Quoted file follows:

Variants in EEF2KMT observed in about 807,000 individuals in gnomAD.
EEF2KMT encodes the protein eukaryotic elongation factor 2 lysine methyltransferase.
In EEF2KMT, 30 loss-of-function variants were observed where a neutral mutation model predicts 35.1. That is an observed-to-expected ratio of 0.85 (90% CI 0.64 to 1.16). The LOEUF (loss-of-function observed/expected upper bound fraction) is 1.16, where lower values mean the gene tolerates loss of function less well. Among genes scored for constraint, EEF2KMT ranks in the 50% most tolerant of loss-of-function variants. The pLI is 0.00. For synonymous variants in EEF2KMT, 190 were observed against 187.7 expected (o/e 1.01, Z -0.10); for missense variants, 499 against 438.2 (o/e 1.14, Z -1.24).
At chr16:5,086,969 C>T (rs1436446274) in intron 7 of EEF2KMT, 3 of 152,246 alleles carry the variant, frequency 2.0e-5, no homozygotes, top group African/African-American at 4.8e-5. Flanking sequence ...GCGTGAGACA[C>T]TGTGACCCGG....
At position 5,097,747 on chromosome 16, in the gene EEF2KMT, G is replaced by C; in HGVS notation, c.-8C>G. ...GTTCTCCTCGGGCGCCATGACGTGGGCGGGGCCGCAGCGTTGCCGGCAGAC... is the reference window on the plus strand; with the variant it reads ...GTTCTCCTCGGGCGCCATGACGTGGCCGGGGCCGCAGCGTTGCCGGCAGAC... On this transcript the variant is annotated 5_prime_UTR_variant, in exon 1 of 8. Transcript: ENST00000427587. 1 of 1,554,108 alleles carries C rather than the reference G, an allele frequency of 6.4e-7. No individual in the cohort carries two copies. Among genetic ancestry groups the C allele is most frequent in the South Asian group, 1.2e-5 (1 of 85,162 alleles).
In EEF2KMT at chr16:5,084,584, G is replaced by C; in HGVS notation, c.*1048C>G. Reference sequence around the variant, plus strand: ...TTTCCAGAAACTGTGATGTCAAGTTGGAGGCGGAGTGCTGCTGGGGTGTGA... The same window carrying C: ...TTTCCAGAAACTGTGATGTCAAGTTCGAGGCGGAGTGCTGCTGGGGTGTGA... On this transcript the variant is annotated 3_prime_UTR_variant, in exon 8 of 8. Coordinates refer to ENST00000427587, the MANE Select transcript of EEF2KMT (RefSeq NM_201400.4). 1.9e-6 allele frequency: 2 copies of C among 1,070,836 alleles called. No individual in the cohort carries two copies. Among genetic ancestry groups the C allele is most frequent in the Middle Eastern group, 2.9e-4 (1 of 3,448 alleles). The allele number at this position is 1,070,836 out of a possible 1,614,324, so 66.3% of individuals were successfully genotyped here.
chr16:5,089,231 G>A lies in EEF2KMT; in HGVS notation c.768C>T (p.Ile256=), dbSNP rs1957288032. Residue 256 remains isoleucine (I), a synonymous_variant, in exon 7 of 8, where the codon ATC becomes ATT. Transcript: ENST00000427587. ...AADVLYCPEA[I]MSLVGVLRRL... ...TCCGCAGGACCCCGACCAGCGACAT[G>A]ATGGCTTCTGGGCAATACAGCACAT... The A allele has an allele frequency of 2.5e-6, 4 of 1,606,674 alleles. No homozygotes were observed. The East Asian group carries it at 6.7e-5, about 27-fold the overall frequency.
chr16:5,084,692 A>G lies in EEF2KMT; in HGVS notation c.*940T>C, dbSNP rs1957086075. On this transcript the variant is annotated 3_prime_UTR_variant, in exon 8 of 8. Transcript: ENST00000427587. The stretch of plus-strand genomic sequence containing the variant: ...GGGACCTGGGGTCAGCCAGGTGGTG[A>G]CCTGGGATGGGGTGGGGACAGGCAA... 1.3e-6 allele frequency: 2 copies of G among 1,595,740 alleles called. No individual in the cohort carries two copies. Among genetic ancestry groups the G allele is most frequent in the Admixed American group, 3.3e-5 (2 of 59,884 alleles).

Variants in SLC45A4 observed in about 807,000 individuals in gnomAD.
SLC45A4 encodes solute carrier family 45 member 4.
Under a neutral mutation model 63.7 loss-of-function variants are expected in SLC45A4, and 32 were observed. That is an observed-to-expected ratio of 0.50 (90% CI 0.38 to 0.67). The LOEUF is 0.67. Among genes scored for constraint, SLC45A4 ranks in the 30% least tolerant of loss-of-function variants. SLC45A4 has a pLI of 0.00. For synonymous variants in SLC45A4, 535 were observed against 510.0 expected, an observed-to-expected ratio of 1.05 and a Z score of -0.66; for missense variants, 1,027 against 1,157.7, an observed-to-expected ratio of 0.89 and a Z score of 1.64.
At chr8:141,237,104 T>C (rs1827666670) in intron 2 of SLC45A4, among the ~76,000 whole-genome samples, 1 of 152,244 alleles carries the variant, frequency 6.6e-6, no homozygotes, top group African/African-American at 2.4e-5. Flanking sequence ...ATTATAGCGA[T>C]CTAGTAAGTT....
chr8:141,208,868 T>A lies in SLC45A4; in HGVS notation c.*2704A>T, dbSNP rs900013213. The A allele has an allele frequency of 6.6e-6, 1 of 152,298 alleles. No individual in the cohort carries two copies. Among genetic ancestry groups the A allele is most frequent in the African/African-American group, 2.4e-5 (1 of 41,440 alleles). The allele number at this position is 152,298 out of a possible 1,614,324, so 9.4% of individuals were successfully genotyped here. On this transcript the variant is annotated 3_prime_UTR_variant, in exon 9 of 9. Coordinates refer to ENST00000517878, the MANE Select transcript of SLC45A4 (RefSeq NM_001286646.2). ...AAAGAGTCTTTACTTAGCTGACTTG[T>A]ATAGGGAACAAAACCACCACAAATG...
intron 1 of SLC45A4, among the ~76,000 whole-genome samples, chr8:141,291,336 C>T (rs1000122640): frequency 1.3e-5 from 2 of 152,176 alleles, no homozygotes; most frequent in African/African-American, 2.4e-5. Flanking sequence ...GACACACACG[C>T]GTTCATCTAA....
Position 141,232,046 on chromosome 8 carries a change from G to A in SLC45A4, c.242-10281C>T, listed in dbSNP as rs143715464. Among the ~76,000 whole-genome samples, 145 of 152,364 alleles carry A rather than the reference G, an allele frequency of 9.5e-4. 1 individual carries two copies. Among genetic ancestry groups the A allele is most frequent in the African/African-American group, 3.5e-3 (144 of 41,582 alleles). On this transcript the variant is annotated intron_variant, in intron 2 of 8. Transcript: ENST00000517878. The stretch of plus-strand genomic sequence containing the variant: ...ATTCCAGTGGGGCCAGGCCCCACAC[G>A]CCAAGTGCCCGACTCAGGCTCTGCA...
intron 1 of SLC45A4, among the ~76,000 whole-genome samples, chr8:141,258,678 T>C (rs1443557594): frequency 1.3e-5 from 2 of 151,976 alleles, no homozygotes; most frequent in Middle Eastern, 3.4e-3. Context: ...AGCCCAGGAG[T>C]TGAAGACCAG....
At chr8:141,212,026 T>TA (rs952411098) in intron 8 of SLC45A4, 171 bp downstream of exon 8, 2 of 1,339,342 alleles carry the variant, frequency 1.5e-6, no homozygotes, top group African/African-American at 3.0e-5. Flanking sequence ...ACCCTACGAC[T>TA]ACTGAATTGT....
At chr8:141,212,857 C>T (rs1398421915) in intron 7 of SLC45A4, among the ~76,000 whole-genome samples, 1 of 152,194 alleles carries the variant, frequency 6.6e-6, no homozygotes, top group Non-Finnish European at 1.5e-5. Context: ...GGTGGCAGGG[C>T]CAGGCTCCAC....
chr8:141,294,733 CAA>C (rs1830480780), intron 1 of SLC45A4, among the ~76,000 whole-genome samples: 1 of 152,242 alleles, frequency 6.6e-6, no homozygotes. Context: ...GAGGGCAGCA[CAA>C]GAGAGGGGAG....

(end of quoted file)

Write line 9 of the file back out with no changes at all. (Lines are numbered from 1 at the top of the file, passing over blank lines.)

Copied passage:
Variants in SLC45A4 observed in about 807,000 individuals in gnomAD.